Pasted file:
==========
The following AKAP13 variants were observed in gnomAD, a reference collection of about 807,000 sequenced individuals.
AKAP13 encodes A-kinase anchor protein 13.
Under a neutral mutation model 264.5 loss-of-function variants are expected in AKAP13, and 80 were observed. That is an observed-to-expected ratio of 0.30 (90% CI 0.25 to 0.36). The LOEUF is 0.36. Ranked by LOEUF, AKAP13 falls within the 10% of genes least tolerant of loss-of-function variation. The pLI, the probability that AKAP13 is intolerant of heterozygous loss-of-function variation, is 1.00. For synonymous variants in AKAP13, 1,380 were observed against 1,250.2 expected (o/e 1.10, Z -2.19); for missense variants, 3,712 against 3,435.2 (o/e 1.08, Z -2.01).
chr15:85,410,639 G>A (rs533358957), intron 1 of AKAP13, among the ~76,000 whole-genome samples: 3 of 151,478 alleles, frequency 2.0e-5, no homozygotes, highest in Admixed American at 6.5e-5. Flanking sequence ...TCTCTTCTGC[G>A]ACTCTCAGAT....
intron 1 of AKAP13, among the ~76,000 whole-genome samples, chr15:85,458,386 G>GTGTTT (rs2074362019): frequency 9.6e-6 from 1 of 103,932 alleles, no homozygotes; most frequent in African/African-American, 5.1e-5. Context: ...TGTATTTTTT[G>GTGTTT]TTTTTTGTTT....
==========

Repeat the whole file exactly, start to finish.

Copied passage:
The following AKAP13 variants were observed in gnomAD, a reference collection of about 807,000 sequenced individuals.
AKAP13 encodes A-kinase anchor protein 13.
Under a neutral mutation model 264.5 loss-of-function variants are expected in AKAP13, and 80 were observed. That is an observed-to-expected ratio of 0.30 (90% CI 0.25 to 0.36). The LOEUF is 0.36. Ranked by LOEUF, AKAP13 falls within the 10% of genes least tolerant of loss-of-function variation. The pLI, the probability that AKAP13 is intolerant of heterozygous loss-of-function variation, is 1.00. For synonymous variants in AKAP13, 1,380 were observed against 1,250.2 expected (o/e 1.10, Z -2.19); for missense variants, 3,712 against 3,435.2 (o/e 1.08, Z -2.01).
chr15:85,410,639 G>A (rs533358957), intron 1 of AKAP13, among the ~76,000 whole-genome samples: 3 of 151,478 alleles, frequency 2.0e-5, no homozygotes, highest in Admixed American at 6.5e-5. Flanking sequence ...TCTCTTCTGC[G>A]ACTCTCAGAT....
intron 1 of AKAP13, among the ~76,000 whole-genome samples, chr15:85,458,386 G>GTGTTT (rs2074362019): frequency 9.6e-6 from 1 of 103,932 alleles, no homozygotes; most frequent in African/African-American, 5.1e-5. Context: ...TGTATTTTTT[G>GTGTTT]TTTTTTGTTT....